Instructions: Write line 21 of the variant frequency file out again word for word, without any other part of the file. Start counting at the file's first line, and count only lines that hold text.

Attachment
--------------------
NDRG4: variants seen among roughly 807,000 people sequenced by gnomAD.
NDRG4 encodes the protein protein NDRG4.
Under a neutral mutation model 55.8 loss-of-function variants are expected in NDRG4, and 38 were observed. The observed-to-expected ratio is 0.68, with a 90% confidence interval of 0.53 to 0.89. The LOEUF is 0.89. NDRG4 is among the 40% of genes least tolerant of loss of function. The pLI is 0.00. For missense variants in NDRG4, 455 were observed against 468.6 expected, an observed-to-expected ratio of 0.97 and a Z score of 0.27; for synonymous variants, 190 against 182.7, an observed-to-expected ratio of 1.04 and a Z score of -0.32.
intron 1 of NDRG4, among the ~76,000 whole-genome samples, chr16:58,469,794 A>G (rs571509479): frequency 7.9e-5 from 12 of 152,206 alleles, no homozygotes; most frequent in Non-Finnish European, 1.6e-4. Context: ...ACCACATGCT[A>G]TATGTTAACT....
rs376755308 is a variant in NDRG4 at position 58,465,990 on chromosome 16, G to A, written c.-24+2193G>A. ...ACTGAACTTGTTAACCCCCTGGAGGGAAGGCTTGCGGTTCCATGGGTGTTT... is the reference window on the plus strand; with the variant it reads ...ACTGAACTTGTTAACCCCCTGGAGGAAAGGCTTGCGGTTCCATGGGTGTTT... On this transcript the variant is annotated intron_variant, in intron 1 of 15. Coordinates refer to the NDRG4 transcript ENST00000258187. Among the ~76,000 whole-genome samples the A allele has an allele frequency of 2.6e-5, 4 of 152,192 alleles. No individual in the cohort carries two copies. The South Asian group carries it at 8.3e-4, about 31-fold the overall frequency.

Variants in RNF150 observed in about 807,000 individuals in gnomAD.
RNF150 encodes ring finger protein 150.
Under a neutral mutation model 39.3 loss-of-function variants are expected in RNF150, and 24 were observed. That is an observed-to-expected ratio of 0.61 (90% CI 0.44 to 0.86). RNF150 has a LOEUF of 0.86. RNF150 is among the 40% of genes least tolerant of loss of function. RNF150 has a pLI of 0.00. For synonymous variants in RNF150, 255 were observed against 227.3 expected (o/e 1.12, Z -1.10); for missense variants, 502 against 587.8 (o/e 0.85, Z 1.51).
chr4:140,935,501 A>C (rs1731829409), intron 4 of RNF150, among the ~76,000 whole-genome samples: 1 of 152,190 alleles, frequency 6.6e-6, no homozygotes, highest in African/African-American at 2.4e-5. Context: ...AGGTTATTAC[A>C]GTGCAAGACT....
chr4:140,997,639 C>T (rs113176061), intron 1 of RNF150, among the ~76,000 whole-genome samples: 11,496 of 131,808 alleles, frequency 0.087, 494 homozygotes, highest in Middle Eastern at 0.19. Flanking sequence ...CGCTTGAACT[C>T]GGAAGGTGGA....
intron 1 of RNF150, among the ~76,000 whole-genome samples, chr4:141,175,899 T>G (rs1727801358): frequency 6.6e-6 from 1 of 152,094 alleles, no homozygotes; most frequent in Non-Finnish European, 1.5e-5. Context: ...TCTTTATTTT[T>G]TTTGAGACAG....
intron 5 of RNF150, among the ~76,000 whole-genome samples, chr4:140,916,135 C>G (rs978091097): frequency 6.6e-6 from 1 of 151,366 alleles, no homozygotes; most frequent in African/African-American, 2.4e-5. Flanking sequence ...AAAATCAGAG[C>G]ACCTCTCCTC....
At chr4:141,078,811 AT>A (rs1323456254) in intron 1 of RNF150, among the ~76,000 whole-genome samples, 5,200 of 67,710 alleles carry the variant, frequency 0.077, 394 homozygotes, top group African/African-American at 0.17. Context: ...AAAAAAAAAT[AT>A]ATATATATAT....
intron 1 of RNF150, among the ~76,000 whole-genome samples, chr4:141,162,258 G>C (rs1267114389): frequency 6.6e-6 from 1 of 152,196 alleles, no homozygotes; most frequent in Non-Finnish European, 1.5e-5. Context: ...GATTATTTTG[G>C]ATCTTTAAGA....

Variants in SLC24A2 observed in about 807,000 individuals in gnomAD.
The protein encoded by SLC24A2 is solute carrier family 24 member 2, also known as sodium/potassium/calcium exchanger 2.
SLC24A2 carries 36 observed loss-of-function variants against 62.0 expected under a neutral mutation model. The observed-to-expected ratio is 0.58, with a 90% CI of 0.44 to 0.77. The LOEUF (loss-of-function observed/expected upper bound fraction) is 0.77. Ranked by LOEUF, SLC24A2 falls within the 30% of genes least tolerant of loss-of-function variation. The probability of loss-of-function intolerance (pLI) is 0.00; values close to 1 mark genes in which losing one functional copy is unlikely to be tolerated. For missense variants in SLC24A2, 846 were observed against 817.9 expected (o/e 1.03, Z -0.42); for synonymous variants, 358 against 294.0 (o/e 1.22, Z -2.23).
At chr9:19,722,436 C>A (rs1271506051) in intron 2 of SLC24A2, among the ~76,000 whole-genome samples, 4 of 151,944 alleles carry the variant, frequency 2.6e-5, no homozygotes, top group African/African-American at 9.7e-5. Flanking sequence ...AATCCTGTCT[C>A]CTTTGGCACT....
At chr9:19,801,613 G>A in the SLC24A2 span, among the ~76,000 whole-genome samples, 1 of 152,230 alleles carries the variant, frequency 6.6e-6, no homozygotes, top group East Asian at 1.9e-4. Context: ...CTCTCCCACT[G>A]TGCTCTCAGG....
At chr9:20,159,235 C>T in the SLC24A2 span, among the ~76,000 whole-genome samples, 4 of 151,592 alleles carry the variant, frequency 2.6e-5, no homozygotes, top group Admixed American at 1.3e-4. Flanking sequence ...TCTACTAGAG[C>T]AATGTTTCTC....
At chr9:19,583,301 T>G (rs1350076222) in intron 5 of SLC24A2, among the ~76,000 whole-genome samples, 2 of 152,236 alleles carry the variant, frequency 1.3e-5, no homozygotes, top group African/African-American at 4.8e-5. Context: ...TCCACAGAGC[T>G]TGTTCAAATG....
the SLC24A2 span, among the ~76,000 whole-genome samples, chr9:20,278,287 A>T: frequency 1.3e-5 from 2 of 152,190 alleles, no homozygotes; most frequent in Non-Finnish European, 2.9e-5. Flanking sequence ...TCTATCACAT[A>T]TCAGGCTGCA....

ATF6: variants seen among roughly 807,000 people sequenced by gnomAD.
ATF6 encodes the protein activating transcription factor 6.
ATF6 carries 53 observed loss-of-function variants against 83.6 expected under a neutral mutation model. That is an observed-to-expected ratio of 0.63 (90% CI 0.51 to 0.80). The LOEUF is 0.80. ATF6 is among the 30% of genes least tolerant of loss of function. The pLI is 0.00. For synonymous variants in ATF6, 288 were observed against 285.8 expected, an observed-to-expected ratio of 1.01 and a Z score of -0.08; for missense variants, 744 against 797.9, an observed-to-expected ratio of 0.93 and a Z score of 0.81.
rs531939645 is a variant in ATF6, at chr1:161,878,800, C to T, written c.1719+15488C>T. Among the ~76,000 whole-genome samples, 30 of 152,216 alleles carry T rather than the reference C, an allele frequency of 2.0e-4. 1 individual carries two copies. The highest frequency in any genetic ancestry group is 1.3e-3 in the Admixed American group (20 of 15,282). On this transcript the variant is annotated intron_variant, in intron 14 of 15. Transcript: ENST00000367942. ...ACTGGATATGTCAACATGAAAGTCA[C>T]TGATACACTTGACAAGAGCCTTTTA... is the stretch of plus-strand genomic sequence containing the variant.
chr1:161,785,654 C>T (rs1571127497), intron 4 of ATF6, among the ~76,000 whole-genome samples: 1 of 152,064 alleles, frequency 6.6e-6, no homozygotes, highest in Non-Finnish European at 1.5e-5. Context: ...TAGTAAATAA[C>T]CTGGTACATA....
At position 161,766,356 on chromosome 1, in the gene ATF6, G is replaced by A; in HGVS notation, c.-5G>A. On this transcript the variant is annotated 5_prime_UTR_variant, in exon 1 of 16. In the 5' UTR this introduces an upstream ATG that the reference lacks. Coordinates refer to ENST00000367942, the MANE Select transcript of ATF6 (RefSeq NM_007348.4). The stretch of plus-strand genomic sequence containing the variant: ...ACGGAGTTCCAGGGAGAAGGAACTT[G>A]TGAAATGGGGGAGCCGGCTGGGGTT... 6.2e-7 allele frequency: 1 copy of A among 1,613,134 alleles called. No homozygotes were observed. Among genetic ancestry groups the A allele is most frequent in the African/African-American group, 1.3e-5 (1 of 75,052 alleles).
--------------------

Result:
At chr9:19,583,301 T>G (rs1350076222) in intron 5 of SLC24A2, among the ~76,000 whole-genome samples, 2 of 152,236 alleles carry the variant, frequency 1.3e-5, no homozygotes, top group African/African-American at 4.8e-5. Context: ...TCCACAGAGC[T>G]TGTTCAAATG....